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Showing posts from November, 2015

We don't care how teachers mark and give feedback, but books need to be marked by teachers.

After reading a few posts about feedback lately, I thought I'd revisit and share my own views on this important matter.  From the outset I'd state that we: 1. Don't care how teachers mark and provide feedback, as long as it is happening. 2. Know that marking and acknowledging work is a key driver to raising expectations . If it were up to me, all teachers would do is mark, plan, teach and repeat . Effective feedback is vital to moving young people on, and is part of my dream model of learning : So, marking and feedback is important but it is for middle leaders to decide how best that is done so that it is appropriate to the subject and fit for purpose.  Marking and feedback includes assessment for and of learning, opportunities for which need to be carefully crafted and planned if they are to have the desired effect.  However, as a senior leader in school (with feedback on my brief) it is not for me to micro-manage the situation.  Teachers need to be profes

Fieldwork in geography: responding to the 2016 GCSE Geography spec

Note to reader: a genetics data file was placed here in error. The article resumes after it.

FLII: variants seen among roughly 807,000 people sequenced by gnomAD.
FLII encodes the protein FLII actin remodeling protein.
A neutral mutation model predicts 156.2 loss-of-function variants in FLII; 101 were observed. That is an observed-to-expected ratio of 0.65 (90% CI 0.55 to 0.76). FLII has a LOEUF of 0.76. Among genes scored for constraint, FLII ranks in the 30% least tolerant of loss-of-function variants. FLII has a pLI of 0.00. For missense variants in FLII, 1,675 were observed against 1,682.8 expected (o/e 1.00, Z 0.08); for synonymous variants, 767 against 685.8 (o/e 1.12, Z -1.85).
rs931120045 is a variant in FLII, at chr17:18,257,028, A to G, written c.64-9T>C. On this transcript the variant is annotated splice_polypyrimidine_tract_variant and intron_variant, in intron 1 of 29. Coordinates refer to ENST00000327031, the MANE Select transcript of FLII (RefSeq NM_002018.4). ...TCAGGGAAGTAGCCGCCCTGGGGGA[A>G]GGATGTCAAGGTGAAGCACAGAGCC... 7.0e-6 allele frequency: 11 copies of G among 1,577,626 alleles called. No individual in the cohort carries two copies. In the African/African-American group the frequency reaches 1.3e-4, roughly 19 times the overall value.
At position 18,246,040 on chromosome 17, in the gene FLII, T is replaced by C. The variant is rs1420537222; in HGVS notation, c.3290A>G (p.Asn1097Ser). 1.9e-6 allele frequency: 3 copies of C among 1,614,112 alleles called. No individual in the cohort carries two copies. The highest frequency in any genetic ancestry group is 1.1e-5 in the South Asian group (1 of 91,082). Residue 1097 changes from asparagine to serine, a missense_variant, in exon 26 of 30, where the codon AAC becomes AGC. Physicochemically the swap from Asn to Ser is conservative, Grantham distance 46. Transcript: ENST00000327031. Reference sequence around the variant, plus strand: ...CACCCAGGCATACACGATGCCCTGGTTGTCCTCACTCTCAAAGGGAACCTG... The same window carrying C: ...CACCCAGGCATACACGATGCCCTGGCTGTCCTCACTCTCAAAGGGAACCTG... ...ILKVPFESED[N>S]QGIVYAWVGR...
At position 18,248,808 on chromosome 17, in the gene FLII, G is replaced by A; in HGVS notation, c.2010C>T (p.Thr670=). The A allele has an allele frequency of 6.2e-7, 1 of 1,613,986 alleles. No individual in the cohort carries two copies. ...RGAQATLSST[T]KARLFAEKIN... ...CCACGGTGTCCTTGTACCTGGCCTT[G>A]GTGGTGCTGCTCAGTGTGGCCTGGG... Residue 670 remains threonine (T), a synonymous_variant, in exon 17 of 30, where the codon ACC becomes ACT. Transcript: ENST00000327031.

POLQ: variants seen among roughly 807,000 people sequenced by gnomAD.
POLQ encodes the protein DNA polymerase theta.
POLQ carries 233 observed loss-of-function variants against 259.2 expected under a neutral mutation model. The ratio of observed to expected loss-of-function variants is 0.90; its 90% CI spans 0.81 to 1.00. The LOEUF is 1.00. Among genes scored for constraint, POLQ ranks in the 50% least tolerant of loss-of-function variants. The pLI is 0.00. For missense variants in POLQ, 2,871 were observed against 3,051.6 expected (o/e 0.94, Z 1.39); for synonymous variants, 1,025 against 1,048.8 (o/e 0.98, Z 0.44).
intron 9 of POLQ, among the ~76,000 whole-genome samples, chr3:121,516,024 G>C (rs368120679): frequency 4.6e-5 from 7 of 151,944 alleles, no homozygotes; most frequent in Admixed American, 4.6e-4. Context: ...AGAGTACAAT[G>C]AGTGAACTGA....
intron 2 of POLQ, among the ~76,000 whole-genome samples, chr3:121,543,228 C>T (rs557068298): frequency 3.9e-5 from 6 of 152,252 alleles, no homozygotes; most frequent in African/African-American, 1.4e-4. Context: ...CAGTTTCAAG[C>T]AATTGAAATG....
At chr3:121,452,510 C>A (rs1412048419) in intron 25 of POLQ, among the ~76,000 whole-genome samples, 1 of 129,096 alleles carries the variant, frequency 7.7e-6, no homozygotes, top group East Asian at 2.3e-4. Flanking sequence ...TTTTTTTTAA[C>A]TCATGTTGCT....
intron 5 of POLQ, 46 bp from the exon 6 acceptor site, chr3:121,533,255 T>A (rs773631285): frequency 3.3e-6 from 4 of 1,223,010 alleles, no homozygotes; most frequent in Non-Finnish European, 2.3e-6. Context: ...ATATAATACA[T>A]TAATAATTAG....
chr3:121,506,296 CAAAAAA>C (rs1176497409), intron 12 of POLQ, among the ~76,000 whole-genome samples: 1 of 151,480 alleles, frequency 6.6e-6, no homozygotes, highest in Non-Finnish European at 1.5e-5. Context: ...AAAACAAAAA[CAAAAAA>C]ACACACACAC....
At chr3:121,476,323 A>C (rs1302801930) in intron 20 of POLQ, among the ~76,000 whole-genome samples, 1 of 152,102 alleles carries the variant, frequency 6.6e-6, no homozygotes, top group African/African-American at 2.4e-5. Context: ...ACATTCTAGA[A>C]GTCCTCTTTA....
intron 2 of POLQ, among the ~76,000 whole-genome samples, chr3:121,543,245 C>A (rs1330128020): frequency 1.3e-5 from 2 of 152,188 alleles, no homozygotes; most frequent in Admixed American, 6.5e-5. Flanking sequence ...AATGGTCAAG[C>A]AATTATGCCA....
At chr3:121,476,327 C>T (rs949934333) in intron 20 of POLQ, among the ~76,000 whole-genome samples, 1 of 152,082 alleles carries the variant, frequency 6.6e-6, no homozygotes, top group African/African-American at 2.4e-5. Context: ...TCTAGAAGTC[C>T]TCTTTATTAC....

I'm certain that very few people have failed to notice that GCSEs are changing.  In terms of Geography, the biggest challenge that many face is the changes to fieldwork. During the Year of Fieldwork, we see the most distinctive part of the subject reduce from 25% to 15% and from Controlled Assessment to and examination paper. Many will not be sorry to see Controlled Assessment go in terms of workload. Although I can understand this, I see it as a great loss to our ability to explore high quality geography: the fieldwork enquiry is  what geographers do.  The fear around an exam paper is that students can be drilled to pass them, and I hope that Ofqual try to ensure that this doesn't happen. Having said this, there are positives: Students will need a deeper understanding of fieldwork and therefore do more of it. The inclusion of two contrasting environments and a signed statement of fieldwork completed provides powerful leverage for more fieldwork. Geography's posi